By Kate Kelland
LONDON (Reuters) - The tale of British tennis player Andy Murray's Wimbledon despair turning to Olympic joy shows the sheer power of the psychological advantage that a supportive home crowd and a gold medal-winning streak by your national team can give.
Exactly four weeks after Switzerland's Roger Federer beat him and reduced him to tears on the same Wimbledon centre court, Murray hit back during the London 2012 Olympics on Sunday with a thrashing 6-2 6-1 6-4 win over the world number one.
There is little doubt the roar of a partisan crowd and spirit of success brought on by Britain's Olympic gold-medal winning streak played their part in the 25-year-old Scot's victory.
"The crowd really willed him on. They pumped him up," U.S. tennis champion and commentator John McEnroe said.
Murray said he was inspired by the success of fellow British athletes Jessica Ennis, Mo Farah and Greg Rutherford who all won gold medals at the London Olympic athletics stadium on Saturday on one of the most successful nights in British athletic history.
"I watched the athletics last night," Murray said. "The momentum the team's had over the last week has been so good."
FROM FEAR OF SUCCESS TO SPIRIT OF SUCCESS
Andrew Lane, a professor of sports psychology at Wolverhampton University, pointed to Britain's new found Olympic "spirit of success" as crucial.
"The landslide of medals keeps coming, and Andy Murray has seen the success of rowers, the cyclists and the athletics champions," he said. "At the moment, at a time when it really matters, British athletes are performing beyond expectations - and he wanted to repeat that."
Apart from a slight wobble in the first game of the match Murray played with great confidence, producing a display of power, precision and touch that not even Federer could match.
From the moment he moved 4-2 ahead in the first set, Murray barely let Federer back in, rattling off nine games in a row to seize complete control of the final.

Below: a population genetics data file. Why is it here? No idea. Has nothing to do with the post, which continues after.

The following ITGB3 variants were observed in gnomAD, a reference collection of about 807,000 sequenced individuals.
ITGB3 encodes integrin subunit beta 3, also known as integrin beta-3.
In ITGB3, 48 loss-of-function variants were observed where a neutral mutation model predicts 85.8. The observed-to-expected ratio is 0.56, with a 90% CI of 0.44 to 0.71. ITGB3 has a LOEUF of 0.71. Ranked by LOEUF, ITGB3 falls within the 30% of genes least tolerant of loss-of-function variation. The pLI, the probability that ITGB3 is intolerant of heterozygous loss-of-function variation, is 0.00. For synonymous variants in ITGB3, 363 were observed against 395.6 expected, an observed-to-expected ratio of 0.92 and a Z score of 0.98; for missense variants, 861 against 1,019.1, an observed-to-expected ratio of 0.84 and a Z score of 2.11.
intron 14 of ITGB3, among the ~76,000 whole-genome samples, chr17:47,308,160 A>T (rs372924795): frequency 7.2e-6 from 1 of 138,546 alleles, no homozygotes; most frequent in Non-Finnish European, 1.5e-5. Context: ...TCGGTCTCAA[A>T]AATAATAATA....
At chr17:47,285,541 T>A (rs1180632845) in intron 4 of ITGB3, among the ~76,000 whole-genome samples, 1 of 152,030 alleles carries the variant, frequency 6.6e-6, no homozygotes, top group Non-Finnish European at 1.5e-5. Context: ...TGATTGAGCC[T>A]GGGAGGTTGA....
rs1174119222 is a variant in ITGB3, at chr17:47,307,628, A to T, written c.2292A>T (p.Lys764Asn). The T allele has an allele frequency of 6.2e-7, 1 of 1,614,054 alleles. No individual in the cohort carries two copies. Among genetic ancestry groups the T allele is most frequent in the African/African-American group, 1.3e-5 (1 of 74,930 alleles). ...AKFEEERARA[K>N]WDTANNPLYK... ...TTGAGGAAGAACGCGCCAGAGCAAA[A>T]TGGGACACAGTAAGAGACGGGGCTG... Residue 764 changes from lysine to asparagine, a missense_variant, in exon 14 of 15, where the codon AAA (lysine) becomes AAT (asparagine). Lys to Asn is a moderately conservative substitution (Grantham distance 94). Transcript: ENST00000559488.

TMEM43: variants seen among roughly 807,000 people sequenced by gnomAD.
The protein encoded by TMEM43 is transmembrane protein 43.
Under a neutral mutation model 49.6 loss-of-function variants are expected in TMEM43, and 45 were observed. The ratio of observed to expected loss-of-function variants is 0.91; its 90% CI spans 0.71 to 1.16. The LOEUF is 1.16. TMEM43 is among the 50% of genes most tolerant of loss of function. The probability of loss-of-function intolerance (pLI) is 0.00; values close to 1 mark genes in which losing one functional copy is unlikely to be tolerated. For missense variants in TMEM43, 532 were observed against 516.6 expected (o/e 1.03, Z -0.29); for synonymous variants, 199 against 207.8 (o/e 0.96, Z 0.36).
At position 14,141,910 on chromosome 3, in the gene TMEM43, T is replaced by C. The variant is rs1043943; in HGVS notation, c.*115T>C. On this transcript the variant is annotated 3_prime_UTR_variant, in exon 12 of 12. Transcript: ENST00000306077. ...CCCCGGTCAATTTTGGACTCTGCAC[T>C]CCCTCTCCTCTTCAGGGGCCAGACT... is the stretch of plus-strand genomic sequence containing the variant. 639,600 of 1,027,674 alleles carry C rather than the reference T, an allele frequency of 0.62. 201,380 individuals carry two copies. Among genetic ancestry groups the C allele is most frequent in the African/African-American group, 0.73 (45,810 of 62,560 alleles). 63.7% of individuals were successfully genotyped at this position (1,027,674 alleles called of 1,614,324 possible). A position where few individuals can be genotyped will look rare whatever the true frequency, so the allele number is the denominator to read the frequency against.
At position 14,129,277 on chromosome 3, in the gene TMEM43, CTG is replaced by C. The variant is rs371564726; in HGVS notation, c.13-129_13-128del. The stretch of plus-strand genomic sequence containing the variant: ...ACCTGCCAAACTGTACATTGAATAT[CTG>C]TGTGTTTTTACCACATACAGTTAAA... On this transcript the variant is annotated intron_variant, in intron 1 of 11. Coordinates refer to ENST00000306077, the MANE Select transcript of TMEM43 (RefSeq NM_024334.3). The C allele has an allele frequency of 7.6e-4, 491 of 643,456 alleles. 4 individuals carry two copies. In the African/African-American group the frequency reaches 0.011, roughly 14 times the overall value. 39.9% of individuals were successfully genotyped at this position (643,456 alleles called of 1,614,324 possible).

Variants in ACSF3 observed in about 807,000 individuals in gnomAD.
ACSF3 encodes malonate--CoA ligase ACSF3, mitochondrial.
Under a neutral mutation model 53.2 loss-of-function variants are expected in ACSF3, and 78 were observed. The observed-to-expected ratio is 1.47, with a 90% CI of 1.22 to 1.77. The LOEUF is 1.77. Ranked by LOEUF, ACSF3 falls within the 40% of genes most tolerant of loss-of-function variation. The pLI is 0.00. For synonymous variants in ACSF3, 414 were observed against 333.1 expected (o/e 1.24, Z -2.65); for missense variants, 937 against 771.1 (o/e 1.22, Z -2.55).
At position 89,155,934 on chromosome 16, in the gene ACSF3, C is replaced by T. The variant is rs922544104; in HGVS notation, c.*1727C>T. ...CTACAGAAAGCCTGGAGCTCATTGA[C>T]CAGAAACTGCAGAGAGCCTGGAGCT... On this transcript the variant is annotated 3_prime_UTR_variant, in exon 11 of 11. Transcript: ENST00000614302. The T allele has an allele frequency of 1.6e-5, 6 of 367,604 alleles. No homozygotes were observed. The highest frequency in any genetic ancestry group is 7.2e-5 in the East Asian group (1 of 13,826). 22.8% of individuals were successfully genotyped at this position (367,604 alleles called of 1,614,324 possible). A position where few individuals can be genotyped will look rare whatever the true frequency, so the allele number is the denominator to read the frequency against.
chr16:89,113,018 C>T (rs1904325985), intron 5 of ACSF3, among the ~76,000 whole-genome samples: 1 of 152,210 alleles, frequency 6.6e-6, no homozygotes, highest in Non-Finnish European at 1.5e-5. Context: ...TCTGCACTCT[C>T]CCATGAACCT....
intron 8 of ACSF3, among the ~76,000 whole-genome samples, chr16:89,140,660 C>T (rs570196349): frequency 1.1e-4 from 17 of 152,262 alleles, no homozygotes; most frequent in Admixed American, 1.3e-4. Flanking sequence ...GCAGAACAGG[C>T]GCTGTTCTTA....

"He thrashed him, and looked like he was enjoying it. He was perfectly in control," Lane said of Murray.
Nick Maguire, a senior lecturer in clinical psychology at Britain's University of Southampton, said two possible mechanisms could account for Murray's winning boost.
"The first is physiological. The noise generated by a large crowd in your support may promote excitement and adrenaline production," Maguire explained.
"The second is more cognitive. When we feel excited, successful images and verbal narratives are much more salient and easily retrieved. So knowing that the noise is for you, and that other athletes are being successful may promote images and thoughts of your own success," he added.
And importantly, despite facing an opponent few thought he would beat, Murray didn't panic when victory was in sight.
"Fear of success can be quite daunting," said Lane. "When you're up against those top players, it can be very difficult when you get close to the finishing line to actually convert it into a win."
Antoinette Minniti, a lecturer in sport and exercise psychology at Nottingham Trent University, says the roar of the crowd can be a big boost, but only for athletes who perceive it as positive.
Murray could well have interpreted the screams of "Andy, Andy, Andy" as enormous and potentially debilitating pressure, but instead he used them to sweep him to victory.
Lane said the Olympic gold rush was already developing into a nationwide mental shift.
"We've got into a collective mindset where it's okay to win," he said. "And that's certainly not always the case with the British."
(Editing by Peter Millership and Ed Osmond)